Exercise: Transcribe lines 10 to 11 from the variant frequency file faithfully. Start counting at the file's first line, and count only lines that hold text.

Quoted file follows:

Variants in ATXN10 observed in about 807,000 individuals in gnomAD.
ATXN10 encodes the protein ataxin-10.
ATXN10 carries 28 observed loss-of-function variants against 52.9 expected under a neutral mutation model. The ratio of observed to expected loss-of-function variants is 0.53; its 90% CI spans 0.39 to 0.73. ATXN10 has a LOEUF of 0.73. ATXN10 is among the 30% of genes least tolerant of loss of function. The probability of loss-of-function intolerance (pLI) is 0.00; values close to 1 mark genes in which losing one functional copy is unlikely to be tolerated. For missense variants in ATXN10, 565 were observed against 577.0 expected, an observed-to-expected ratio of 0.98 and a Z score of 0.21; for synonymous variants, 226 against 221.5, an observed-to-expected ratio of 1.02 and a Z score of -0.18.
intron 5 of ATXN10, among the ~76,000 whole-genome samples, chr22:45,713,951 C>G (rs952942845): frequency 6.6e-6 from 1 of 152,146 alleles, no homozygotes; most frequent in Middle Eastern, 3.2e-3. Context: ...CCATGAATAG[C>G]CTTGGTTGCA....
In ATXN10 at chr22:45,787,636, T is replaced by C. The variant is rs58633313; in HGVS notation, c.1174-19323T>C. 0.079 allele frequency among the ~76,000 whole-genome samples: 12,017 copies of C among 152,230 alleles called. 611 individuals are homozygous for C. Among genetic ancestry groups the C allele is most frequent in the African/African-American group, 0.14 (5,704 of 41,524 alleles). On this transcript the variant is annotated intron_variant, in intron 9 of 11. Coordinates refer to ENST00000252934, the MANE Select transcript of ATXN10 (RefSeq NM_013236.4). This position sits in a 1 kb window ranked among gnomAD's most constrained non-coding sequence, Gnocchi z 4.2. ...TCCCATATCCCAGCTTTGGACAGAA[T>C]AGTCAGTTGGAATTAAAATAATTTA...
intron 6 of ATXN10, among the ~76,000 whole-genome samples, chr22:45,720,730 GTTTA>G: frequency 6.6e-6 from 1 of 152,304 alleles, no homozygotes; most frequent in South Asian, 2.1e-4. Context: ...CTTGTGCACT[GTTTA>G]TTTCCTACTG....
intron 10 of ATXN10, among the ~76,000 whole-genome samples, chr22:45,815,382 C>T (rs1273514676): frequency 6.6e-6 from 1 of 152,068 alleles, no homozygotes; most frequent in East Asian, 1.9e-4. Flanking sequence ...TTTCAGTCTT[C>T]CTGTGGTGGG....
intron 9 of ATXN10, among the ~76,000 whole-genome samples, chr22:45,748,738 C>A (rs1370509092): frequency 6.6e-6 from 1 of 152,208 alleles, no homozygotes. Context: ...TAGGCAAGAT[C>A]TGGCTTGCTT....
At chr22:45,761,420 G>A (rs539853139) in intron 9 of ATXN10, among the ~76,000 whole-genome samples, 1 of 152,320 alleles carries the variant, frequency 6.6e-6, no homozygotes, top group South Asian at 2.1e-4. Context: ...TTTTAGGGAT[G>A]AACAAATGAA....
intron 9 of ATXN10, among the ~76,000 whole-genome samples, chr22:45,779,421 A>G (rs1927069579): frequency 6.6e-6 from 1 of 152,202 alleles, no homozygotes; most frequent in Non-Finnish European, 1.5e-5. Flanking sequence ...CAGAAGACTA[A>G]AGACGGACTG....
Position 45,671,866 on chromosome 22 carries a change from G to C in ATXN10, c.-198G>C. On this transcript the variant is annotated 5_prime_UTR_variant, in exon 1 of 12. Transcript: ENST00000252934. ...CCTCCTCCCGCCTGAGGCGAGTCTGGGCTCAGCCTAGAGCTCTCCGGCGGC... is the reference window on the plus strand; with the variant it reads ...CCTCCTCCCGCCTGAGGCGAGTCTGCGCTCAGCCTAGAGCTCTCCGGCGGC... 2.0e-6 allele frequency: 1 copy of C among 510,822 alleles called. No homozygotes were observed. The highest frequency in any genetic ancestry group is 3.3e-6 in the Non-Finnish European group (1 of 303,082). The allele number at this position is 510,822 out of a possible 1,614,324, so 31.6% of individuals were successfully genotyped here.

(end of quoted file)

intron 9 of ATXN10, among the ~76,000 whole-genome samples, chr22:45,779,421 A>G (rs1927069579): frequency 6.6e-6 from 1 of 152,202 alleles, no homozygotes; most frequent in Non-Finnish European, 1.5e-5. Flanking sequence ...CAGAAGACTA[A>G]AGACGGACTG....
Position 45,671,866 on chromosome 22 carries a change from G to C in ATXN10, c.-198G>C. On this transcript the variant is annotated 5_prime_UTR_variant, in exon 1 of 12. Transcript: ENST00000252934. ...CCTCCTCCCGCCTGAGGCGAGTCTGGGCTCAGCCTAGAGCTCTCCGGCGGC... is the reference window on the plus strand; with the variant it reads ...CCTCCTCCCGCCTGAGGCGAGTCTGCGCTCAGCCTAGAGCTCTCCGGCGGC... 2.0e-6 allele frequency: 1 copy of C among 510,822 alleles called. No homozygotes were observed. The highest frequency in any genetic ancestry group is 3.3e-6 in the Non-Finnish European group (1 of 303,082). The allele number at this position is 510,822 out of a possible 1,614,324, so 31.6% of individuals were successfully genotyped here.